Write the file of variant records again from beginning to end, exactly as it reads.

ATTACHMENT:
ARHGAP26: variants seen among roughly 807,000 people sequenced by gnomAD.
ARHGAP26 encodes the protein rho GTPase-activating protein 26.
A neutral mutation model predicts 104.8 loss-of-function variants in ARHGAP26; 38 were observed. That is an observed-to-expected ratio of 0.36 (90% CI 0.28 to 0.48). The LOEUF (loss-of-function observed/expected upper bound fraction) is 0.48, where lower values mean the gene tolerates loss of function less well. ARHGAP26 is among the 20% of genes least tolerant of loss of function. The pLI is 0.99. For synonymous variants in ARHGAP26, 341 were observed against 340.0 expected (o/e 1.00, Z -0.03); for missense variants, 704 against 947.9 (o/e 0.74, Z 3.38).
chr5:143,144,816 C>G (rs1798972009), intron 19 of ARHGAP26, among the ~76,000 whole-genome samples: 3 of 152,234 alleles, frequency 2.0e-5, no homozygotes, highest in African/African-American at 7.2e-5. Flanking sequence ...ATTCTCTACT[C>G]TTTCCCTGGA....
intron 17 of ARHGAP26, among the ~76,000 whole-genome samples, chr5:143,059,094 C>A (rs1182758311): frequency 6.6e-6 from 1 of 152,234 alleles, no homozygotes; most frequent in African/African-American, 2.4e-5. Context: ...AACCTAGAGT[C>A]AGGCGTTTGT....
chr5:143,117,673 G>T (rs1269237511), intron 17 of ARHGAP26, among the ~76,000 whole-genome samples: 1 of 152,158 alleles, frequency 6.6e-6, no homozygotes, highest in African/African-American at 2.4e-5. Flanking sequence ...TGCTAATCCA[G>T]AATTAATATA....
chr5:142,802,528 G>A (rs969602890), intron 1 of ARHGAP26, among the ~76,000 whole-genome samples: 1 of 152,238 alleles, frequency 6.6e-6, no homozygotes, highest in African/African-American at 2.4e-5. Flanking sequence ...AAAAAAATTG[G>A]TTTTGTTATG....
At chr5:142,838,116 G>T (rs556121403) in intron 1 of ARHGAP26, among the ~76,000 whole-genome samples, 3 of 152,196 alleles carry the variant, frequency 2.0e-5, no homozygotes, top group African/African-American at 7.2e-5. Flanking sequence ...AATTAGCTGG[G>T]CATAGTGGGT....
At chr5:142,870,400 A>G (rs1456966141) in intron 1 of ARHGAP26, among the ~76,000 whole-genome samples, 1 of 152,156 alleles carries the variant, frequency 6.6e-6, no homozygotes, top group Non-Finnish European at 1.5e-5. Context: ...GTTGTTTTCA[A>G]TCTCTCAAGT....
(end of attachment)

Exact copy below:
ARHGAP26: variants seen among roughly 807,000 people sequenced by gnomAD.
ARHGAP26 encodes the protein rho GTPase-activating protein 26.
A neutral mutation model predicts 104.8 loss-of-function variants in ARHGAP26; 38 were observed. That is an observed-to-expected ratio of 0.36 (90% CI 0.28 to 0.48). The LOEUF (loss-of-function observed/expected upper bound fraction) is 0.48, where lower values mean the gene tolerates loss of function less well. ARHGAP26 is among the 20% of genes least tolerant of loss of function. The pLI is 0.99. For synonymous variants in ARHGAP26, 341 were observed against 340.0 expected (o/e 1.00, Z -0.03); for missense variants, 704 against 947.9 (o/e 0.74, Z 3.38).
chr5:143,144,816 C>G (rs1798972009), intron 19 of ARHGAP26, among the ~76,000 whole-genome samples: 3 of 152,234 alleles, frequency 2.0e-5, no homozygotes, highest in African/African-American at 7.2e-5. Flanking sequence ...ATTCTCTACT[C>G]TTTCCCTGGA....
intron 17 of ARHGAP26, among the ~76,000 whole-genome samples, chr5:143,059,094 C>A (rs1182758311): frequency 6.6e-6 from 1 of 152,234 alleles, no homozygotes; most frequent in African/African-American, 2.4e-5. Context: ...AACCTAGAGT[C>A]AGGCGTTTGT....
chr5:143,117,673 G>T (rs1269237511), intron 17 of ARHGAP26, among the ~76,000 whole-genome samples: 1 of 152,158 alleles, frequency 6.6e-6, no homozygotes, highest in African/African-American at 2.4e-5. Flanking sequence ...TGCTAATCCA[G>T]AATTAATATA....
chr5:142,802,528 G>A (rs969602890), intron 1 of ARHGAP26, among the ~76,000 whole-genome samples: 1 of 152,238 alleles, frequency 6.6e-6, no homozygotes, highest in African/African-American at 2.4e-5. Flanking sequence ...AAAAAAATTG[G>A]TTTTGTTATG....
At chr5:142,838,116 G>T (rs556121403) in intron 1 of ARHGAP26, among the ~76,000 whole-genome samples, 3 of 152,196 alleles carry the variant, frequency 2.0e-5, no homozygotes, top group African/African-American at 7.2e-5. Flanking sequence ...AATTAGCTGG[G>T]CATAGTGGGT....
At chr5:142,870,400 A>G (rs1456966141) in intron 1 of ARHGAP26, among the ~76,000 whole-genome samples, 1 of 152,156 alleles carries the variant, frequency 6.6e-6, no homozygotes, top group Non-Finnish European at 1.5e-5. Context: ...GTTGTTTTCA[A>G]TCTCTCAAGT....